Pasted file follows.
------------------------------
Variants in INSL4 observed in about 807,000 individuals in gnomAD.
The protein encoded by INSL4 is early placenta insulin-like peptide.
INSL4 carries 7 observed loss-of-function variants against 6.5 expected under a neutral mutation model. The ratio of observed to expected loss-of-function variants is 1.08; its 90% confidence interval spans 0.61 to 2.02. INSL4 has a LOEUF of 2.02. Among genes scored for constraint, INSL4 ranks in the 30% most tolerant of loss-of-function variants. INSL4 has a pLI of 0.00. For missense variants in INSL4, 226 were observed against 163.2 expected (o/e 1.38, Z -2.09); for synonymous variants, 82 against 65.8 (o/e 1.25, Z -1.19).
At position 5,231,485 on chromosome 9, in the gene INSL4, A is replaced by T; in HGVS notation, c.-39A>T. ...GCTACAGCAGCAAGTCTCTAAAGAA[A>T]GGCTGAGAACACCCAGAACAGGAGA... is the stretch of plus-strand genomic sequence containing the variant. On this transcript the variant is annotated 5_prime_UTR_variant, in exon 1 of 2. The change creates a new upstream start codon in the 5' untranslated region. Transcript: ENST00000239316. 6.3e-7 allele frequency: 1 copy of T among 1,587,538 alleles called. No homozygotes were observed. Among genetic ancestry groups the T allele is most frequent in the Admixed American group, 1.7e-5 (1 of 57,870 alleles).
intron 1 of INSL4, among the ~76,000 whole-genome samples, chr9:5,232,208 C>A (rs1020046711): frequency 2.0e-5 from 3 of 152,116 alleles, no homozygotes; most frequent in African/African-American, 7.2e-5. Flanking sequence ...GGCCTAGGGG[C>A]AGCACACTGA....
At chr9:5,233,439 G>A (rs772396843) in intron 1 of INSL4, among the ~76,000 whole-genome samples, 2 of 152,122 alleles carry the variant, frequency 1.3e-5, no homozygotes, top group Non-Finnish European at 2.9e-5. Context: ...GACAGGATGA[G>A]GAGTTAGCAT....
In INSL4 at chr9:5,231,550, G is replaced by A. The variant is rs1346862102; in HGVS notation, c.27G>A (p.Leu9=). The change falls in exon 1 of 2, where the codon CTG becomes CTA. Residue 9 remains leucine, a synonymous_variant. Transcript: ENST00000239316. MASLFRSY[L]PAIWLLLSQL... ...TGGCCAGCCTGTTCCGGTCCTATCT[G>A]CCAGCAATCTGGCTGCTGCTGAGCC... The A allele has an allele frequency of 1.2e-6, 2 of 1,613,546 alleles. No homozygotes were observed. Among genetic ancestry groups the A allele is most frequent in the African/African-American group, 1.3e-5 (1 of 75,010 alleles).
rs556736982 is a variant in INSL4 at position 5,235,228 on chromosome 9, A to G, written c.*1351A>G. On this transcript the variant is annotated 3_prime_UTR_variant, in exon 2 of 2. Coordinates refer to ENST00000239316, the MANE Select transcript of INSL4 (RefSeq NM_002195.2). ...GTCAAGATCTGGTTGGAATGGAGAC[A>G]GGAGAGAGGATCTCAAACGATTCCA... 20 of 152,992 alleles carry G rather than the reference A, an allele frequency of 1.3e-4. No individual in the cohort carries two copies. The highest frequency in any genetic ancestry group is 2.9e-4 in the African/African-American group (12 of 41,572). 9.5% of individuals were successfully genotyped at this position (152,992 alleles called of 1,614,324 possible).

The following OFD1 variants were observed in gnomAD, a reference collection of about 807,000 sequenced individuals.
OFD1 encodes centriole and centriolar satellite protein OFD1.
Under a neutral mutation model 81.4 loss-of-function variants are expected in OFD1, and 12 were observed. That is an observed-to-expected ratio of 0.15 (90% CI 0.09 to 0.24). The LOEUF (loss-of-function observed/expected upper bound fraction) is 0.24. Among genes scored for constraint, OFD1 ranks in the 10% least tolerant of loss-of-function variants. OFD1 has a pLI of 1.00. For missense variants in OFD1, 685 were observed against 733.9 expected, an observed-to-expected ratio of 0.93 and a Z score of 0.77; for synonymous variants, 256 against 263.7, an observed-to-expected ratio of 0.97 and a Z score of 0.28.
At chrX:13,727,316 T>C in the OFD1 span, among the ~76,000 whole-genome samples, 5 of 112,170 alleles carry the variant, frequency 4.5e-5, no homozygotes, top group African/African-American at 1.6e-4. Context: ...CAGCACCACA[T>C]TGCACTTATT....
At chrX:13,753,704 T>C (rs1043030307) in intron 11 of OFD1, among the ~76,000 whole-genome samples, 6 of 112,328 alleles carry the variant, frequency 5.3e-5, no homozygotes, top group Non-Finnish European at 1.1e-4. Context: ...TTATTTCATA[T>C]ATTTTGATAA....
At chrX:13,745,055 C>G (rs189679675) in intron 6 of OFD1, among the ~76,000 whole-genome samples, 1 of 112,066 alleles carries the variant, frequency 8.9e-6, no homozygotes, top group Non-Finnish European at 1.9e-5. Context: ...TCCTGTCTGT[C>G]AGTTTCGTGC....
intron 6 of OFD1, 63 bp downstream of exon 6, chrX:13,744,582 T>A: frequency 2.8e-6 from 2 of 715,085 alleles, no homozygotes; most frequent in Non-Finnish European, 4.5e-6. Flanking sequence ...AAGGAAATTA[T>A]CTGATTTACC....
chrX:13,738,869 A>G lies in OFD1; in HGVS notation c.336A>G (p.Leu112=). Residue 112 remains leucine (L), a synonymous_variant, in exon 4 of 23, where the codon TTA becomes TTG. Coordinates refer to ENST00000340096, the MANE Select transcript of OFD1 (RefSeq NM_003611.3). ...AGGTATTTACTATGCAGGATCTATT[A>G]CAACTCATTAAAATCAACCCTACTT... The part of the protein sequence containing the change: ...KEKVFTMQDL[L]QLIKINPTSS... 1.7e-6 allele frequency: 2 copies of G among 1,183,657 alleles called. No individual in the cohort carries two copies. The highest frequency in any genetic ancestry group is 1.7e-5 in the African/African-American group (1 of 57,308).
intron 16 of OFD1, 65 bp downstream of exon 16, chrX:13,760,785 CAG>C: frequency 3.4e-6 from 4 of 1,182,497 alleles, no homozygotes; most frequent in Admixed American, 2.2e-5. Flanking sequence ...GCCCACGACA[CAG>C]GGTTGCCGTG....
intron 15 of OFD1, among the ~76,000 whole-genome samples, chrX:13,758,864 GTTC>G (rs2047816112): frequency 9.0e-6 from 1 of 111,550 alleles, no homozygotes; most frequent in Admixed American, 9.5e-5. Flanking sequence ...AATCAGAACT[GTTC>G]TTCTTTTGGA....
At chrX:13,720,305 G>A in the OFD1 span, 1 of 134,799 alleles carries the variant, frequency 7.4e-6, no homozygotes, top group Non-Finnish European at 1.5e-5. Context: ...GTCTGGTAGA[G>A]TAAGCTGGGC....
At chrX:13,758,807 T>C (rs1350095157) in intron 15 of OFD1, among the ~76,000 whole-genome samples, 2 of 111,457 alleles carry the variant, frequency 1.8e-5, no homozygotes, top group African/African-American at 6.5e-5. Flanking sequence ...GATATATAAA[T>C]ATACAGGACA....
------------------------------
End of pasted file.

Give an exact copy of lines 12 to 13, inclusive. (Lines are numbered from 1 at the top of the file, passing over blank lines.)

At chrX:13,727,316 T>C in the OFD1 span, among the ~76,000 whole-genome samples, 5 of 112,170 alleles carry the variant, frequency 4.5e-5, no homozygotes, top group African/African-American at 1.6e-4. Context: ...CAGCACCACA[T>C]TGCACTTATT....
At chrX:13,753,704 T>C (rs1043030307) in intron 11 of OFD1, among the ~76,000 whole-genome samples, 6 of 112,328 alleles carry the variant, frequency 5.3e-5, no homozygotes, top group Non-Finnish European at 1.1e-4. Context: ...TTATTTCATA[T>C]ATTTTGATAA....